Dryas iulia (often incorrectly spelled julia) commonly called the Julia butterfly, Julia heliconian, the flame, or flambeau, is a species of brush-footed butterflies. The sole representative of its genus Dryas, it is native from Brazil to southern Texas and Florida. Over 15 subspecies have been described.
Adelpha is a genus of brush-footed butterflies found from the southern United States and Mexico to South America. They are commonly known as sisters, due to the white markings on their wings, which resemble a nun’s habit.
Friendly little butterfly which found refuge on this girl’s hands.
A butterfly with many subspecies, all of which bear distinctive and graphic patterns on the underside hindwings, often resembling numbers or letters of the alphabet.
Devil’s Throat is the highlight of a visit to Iguazu Falls. The waterfall marks the border between Brazil and Argentina.
More shots at different angles of Devil’s Throat with rainbow.
Different shots, different perspective at the thunderous Devil’s Throat.
Devil’s Throat is the largest of about 275 waterfalls making up Iguazu Falls. One of the best spots to be which provides a closer and better view of the falls. This shot at a distance when a rainbow made his appearance.
Closer look at the Devil’s Throat with better view of the rainbow.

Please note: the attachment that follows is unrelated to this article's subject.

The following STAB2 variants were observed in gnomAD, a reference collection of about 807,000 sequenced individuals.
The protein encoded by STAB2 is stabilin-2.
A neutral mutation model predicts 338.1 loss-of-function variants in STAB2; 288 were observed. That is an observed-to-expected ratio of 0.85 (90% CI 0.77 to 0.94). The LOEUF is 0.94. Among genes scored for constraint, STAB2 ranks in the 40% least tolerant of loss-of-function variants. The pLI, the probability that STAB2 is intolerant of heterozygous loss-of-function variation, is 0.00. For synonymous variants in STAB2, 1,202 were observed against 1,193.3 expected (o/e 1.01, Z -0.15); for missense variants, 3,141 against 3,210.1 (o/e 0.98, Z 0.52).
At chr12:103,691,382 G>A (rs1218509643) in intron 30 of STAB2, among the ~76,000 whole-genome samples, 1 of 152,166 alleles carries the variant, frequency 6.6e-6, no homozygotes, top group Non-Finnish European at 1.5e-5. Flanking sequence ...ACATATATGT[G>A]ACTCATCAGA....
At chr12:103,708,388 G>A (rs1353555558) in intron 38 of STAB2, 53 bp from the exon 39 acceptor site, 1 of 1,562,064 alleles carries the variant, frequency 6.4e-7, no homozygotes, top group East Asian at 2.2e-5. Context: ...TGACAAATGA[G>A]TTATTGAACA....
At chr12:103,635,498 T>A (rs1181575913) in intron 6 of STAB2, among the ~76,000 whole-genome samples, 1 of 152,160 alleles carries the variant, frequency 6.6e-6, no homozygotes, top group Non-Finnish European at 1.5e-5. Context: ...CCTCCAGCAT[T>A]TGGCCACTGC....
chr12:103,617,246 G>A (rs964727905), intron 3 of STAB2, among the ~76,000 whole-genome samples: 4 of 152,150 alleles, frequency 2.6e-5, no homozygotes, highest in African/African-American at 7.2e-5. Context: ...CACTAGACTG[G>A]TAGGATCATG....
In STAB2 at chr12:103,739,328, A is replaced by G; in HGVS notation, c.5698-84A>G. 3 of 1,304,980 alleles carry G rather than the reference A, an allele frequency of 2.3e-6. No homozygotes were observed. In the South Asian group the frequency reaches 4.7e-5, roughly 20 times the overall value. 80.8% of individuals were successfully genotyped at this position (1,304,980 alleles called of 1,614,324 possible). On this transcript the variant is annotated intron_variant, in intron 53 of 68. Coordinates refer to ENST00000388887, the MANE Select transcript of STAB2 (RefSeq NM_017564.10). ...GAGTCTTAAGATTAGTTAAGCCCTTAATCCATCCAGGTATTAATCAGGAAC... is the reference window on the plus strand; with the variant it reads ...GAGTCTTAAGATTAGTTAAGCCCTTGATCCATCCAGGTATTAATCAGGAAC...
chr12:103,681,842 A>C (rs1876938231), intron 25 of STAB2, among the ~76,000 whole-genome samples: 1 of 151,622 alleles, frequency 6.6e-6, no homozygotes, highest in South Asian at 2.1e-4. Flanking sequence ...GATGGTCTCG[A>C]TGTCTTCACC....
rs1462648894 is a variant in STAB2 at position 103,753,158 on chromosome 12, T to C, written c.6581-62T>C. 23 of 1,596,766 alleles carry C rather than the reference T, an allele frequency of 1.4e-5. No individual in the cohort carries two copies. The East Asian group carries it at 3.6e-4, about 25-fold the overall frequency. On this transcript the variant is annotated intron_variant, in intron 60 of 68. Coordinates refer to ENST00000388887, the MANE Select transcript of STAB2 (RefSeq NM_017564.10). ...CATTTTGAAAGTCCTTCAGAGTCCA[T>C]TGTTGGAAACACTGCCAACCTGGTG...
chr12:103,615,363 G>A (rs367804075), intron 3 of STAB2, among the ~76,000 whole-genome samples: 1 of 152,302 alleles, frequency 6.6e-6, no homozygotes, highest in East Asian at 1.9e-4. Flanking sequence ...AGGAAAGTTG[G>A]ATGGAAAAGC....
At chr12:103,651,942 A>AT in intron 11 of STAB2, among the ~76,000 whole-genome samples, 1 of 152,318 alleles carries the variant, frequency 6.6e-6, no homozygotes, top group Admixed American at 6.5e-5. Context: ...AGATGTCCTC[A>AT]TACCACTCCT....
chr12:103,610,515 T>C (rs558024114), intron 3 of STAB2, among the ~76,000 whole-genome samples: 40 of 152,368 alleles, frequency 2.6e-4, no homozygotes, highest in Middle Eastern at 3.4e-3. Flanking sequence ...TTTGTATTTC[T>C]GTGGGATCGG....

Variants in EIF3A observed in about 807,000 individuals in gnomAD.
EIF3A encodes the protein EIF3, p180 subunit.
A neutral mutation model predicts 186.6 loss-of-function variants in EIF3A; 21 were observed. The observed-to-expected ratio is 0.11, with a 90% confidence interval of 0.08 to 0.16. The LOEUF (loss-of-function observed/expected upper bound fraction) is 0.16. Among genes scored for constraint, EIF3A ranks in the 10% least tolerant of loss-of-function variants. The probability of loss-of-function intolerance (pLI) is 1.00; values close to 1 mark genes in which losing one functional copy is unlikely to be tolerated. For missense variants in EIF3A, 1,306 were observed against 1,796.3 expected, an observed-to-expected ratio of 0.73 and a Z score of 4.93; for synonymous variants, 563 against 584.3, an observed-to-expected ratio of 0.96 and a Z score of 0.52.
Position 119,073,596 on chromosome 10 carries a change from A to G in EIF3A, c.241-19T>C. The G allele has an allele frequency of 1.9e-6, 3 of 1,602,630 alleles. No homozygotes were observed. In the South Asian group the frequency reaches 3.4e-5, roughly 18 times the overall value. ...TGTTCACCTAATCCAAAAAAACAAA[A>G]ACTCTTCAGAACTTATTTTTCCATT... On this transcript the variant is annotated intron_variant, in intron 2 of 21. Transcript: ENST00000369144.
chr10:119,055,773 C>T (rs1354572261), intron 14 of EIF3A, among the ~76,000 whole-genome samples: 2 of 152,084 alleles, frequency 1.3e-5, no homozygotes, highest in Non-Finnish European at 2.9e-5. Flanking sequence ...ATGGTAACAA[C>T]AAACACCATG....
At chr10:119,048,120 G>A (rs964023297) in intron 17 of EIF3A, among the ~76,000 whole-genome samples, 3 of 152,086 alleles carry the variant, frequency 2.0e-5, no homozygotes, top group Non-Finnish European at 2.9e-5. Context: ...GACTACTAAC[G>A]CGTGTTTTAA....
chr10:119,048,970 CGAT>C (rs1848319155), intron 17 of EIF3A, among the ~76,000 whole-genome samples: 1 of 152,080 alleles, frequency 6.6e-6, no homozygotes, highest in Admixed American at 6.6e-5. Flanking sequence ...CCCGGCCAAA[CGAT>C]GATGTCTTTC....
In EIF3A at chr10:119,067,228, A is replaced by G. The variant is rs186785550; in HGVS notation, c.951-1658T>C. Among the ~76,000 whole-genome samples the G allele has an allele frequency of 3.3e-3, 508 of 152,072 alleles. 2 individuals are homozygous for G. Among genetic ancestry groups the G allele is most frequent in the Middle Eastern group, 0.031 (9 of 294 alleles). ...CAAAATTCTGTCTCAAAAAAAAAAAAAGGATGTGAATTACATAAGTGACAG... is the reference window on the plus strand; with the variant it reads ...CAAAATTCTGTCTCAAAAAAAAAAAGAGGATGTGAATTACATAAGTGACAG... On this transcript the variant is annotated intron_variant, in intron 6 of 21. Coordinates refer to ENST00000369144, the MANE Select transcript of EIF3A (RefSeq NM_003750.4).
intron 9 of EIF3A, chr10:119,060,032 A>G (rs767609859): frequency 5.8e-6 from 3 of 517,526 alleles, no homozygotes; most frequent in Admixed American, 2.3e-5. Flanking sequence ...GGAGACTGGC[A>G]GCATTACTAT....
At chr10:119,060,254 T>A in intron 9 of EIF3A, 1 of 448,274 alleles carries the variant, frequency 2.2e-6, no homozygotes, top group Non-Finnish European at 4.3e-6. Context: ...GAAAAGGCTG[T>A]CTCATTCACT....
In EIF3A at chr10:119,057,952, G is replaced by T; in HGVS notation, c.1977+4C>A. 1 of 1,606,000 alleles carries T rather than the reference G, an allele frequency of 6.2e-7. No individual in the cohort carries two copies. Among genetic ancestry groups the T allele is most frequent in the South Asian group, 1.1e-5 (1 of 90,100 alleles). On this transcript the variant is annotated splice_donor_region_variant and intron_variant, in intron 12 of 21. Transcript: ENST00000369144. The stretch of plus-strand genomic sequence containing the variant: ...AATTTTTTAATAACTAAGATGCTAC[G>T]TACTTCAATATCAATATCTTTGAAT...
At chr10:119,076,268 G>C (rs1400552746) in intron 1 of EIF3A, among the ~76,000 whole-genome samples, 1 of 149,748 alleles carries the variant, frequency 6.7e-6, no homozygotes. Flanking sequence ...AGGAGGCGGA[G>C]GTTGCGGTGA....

I don’t have a name for this “gummy substance” that I spotted in a number of trees in the Iguazu Falls. I have found that quite interesting. Are these created by the environment or disease from the trees?
When mushrooms or conks, also called a bract or shelf, grow on tree bark, it is usually a sign that the tree is infected with a rot-inducing pathogen. While not all mushrooms are harmful to trees, many are. They cause heart decay, which causes healthy trees to begin to rot at the heart of the trunk.
Many butterflies are spotted in the Iguazu Falls. This species is a real beauty and was seen in many areas. They tend to blend fairly well when pausing on a tree or a wooden ramp.
Showing the other side, of the wing, they are also known as Cracker Butterflies. They acquired their common name due to the unusual way that males produce a “cracking” sound as part of their territorial displays.
A very popular sight at Iguazu Falls. The Coati is a member of the raccoon family, a diurnal mammal native to South and Central America and south-western North America. The term is reported to be derived from the Tupi language of Brazil. A first site, they appears harmless and people tend to approach and even feed them, despite many warnings that they should not be touched. They can be dangerous and many people have witnessed their agressiveness and violent behaviour.